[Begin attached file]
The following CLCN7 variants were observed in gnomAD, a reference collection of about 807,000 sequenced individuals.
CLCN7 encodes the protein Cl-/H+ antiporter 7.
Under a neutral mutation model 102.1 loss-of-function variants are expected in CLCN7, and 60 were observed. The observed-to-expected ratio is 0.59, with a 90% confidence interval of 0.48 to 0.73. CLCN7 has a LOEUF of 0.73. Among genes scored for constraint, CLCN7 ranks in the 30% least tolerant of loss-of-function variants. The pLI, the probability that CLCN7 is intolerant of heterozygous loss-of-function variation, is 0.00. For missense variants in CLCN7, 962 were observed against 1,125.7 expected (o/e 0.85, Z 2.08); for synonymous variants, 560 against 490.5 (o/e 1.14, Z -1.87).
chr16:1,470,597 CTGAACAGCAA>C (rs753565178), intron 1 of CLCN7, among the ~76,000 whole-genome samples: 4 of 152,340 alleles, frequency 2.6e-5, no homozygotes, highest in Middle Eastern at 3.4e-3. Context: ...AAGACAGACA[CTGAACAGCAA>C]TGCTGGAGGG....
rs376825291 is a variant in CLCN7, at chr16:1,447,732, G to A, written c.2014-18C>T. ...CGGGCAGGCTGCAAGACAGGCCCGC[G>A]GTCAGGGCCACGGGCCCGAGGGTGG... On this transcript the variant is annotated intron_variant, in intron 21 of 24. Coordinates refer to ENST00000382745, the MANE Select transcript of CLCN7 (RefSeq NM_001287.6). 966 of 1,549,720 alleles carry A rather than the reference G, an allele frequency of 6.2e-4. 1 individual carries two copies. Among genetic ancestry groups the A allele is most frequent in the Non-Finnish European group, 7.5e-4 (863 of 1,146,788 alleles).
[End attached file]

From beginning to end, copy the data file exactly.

The following CLCN7 variants were observed in gnomAD, a reference collection of about 807,000 sequenced individuals.
CLCN7 encodes the protein Cl-/H+ antiporter 7.
Under a neutral mutation model 102.1 loss-of-function variants are expected in CLCN7, and 60 were observed. The observed-to-expected ratio is 0.59, with a 90% confidence interval of 0.48 to 0.73. CLCN7 has a LOEUF of 0.73. Among genes scored for constraint, CLCN7 ranks in the 30% least tolerant of loss-of-function variants. The pLI, the probability that CLCN7 is intolerant of heterozygous loss-of-function variation, is 0.00. For missense variants in CLCN7, 962 were observed against 1,125.7 expected (o/e 0.85, Z 2.08); for synonymous variants, 560 against 490.5 (o/e 1.14, Z -1.87).
chr16:1,470,597 CTGAACAGCAA>C (rs753565178), intron 1 of CLCN7, among the ~76,000 whole-genome samples: 4 of 152,340 alleles, frequency 2.6e-5, no homozygotes, highest in Middle Eastern at 3.4e-3. Context: ...AAGACAGACA[CTGAACAGCAA>C]TGCTGGAGGG....
rs376825291 is a variant in CLCN7, at chr16:1,447,732, G to A, written c.2014-18C>T. ...CGGGCAGGCTGCAAGACAGGCCCGC[G>A]GTCAGGGCCACGGGCCCGAGGGTGG... On this transcript the variant is annotated intron_variant, in intron 21 of 24. Coordinates refer to ENST00000382745, the MANE Select transcript of CLCN7 (RefSeq NM_001287.6). 966 of 1,549,720 alleles carry A rather than the reference G, an allele frequency of 6.2e-4. 1 individual carries two copies. Among genetic ancestry groups the A allele is most frequent in the Non-Finnish European group, 7.5e-4 (863 of 1,146,788 alleles).